How Copper Pipes Affect Your Water
If your home was not built with PEX pipes, they may be made of copper. If your water is more acidic, it can strip the copper away from your pipes and into your water supply. High concentrations of copper comes primarily from corrosion of interior copper plumbing.
Coating tends to build up over time in copper pipes and form a protective barrier from the water and copper, however, new homes with new pipes may be susceptible to this issue, as this coating has not built up yet in the new piping.
The best indicator of whether you may have corrosion in your copper pipes is if the pH level in your water is acidic (less than 7). There are a number of solutions for acidic water, including a whole home water filter.
If you are concerned enough to replace your copper pipes altogether, the best alternative is likely PEX (crosslinked polyethylene). Along with cost and flexibility advantages, it provides resistance to scale and chlorine. Other options vary – check your building code and do your research before making a decision on whether to switch from copper piping, and determine what is best for you.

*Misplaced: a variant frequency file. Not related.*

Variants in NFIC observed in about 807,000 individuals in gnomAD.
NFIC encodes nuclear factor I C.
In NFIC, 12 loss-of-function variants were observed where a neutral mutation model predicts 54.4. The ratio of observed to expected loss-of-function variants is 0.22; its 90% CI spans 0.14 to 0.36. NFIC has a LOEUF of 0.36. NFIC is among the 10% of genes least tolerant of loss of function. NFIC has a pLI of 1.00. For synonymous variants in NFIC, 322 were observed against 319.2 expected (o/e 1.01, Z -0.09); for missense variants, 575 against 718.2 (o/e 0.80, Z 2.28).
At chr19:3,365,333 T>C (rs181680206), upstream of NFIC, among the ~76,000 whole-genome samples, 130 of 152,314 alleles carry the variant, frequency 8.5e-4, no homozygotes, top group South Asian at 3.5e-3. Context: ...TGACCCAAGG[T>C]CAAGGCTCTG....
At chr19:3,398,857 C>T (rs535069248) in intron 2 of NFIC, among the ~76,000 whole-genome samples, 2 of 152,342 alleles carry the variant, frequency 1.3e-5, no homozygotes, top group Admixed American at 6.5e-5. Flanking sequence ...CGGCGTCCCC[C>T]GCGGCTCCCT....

Infants and Wilson’s Disease Risks
The body has a natural way of regulating copper. However, children under one year old do not have this mechanism yet. Those with Wilson’s Disease also have difficulty maintaining proper copper levels. People with Wilson’s Disease can not regulate copper properly, and it can build up in their liver, brain and other organs. The condition is treatable if diagnosed early. If you have an infant or someone in your household has Wilson’s Disease, make sure you know the composition of your indoor plumbing.